The company also promoted digital transformation during the past year. It cooperated with Rieckermann to complete a GMP-EU feasibility assessment for Traphaco Hung Yen factory to have a basis for consideration into investing in a GMP-EU modern medicine line in the near future to tap into the potential of the ETC channel.

Elsewhere, Imexpharm, the country’s fourth-largest publicly traded drugmaker, is also focused on the development of EU-GMP factories. In the third quarter of 2022, it put into operation its third EU-GMP factory in the southern province of Binh Duong.

It now owns the largest number of production lines meeting EU-GMP standards in the country with 11 lines at three factories. Imexpharm became the first company to meet GMP-ASEAN standards in Vietnam.

The change in strategies has enabled the company to perform more efficiently. Over January-November last year, it made net revenues of $75.52 million and before-tax profit of $15.2 million, up 23.2 per cent and 36.2 per cent on-year, and surpassing the yearly targets by 2.2 per cent and 3 per cent, respectively.

Imexpharm is now a franchising and outsourcing partner for many of the world’s top pharmaceutical corporations such as Sandoz, Sanofi-Aventis, Pharmascience, and DP Pharma. It has seven products sold in Europe.

General director Tran Thi Dao said, “Imexpharm’s investment strategy is to anticipate high-value pharma products. Improving product quality in line with European standards gives the company the opportunity to compete with imported products.”

This shift has been reflected in its business results and distribution structure in recent years, especially when SK Group of South Korea invested in the company in 2020, and increased its ownership to 65 per cent in 2022. By the end of September last year, its proportion of ETC drugs increased to 42 per cent.

New year’s ambitions

Currently, domestic enterprises mainly produce generics. Meanwhile, drugs of the brand-name, innovative, or special treatment segments are mostly in the hands of foreign-invested enterprises. They hold a market share of about 50 per cent in terms of value in this segment, while the ETC channel accounts for 70 per cent of pharmaceutical market value.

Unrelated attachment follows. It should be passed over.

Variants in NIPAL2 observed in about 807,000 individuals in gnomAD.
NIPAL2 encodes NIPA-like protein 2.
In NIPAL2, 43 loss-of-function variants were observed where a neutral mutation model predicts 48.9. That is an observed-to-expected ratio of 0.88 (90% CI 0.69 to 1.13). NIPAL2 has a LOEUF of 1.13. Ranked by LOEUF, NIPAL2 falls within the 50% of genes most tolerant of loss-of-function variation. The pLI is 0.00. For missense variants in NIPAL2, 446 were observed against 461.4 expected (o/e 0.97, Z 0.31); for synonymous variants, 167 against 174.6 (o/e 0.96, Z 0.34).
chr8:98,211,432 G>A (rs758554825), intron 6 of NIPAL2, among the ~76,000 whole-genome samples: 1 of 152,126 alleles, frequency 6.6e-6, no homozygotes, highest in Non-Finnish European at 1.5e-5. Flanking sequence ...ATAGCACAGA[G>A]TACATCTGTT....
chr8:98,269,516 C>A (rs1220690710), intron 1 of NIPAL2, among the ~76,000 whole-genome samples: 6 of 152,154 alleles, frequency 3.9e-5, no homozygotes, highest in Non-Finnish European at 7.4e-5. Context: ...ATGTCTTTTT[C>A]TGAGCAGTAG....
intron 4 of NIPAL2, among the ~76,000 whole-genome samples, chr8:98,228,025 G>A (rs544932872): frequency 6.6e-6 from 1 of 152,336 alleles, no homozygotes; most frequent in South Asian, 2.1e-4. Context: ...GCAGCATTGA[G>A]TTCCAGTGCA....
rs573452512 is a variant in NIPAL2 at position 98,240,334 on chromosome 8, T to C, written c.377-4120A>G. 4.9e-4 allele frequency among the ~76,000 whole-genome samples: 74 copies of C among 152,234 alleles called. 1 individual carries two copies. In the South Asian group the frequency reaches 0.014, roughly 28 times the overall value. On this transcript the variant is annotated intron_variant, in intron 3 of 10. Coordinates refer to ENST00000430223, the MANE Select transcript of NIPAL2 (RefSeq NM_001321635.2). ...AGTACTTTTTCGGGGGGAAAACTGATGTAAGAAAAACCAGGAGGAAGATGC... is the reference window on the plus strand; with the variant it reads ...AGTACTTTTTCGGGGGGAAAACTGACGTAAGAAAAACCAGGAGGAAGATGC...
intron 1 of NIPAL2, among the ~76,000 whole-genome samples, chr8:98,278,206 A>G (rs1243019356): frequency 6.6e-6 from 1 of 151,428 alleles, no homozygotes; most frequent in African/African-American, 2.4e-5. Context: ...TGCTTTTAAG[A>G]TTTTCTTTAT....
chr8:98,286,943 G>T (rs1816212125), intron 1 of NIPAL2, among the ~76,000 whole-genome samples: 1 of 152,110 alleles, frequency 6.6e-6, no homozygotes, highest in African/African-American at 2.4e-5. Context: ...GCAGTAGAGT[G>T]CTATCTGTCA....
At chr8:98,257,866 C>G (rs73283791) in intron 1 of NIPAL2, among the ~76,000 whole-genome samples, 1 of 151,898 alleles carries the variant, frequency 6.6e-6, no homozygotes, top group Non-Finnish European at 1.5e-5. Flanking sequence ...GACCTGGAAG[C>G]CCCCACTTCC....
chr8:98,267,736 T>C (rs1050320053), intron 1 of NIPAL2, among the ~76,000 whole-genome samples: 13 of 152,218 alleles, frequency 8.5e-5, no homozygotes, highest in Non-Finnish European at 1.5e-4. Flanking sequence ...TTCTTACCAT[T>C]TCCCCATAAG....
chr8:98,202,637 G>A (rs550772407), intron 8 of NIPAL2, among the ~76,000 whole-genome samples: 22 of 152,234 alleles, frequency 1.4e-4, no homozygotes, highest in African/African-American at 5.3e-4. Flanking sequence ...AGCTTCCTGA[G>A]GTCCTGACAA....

As shown in data from the Drug Administration of Vietnam under the MoH, in the first half of 2023, the total value of winning drug bids increased 85 per cent to $1.16 billion compared to the same period in 2022. In particular, the winning bid value of foreign drugs reached $865 million, accounting for 75 per cent.

Rong Viet Securities (VDSC) assesses that the total winning bid value of foreign-made drugs in the ETC channel is still threatening the market share of domestically made drugs. However, domestic businesses still have drivers to grow and compete with foreign drugs if they ensure treatment ability, supply capacity, reasonable drug prices, and supporting policies, including the MoH prioritising the use of domestic drugs to save money for the Social Insurance Fund.

VDSC added that the OTC channel will decelerate in 2024, while the ETC channel will grow thanks to newly issued policies on medical exams, treatment, bidding, and more besides.

Seeing high growth potential of the ETC and export channel, Vietnamese pharma firms have set robust plans for 2024. Traphaco aims to maintain the number-one position in oriental medicines, and develop western medicines. It targets consolidated revenues of over $113 million and consolidated after-tax profit of $13.25 million, up 6.1 and 6.4 per cent on-year, respectively.

To achieve such goals, the company will focus on reviewing and rebuilding the overall policy for OTC sales; increase investment in activities to develop new western medicines, oriental medicines, and provide new services; enhance the development of generics and bioequivalents; and build and equip modern tech equipment, expand research laboratories, and much more.

DHG in late 2023, meanwhile, announced that it targets to make revenues of $219.4 million, up 4 per cent on-year, while before-tax profit is aimed at $45.56 million, a slight on-year fall due to its focus on investments for the future development as well as reduced bank interest rates.

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By Bich Thuy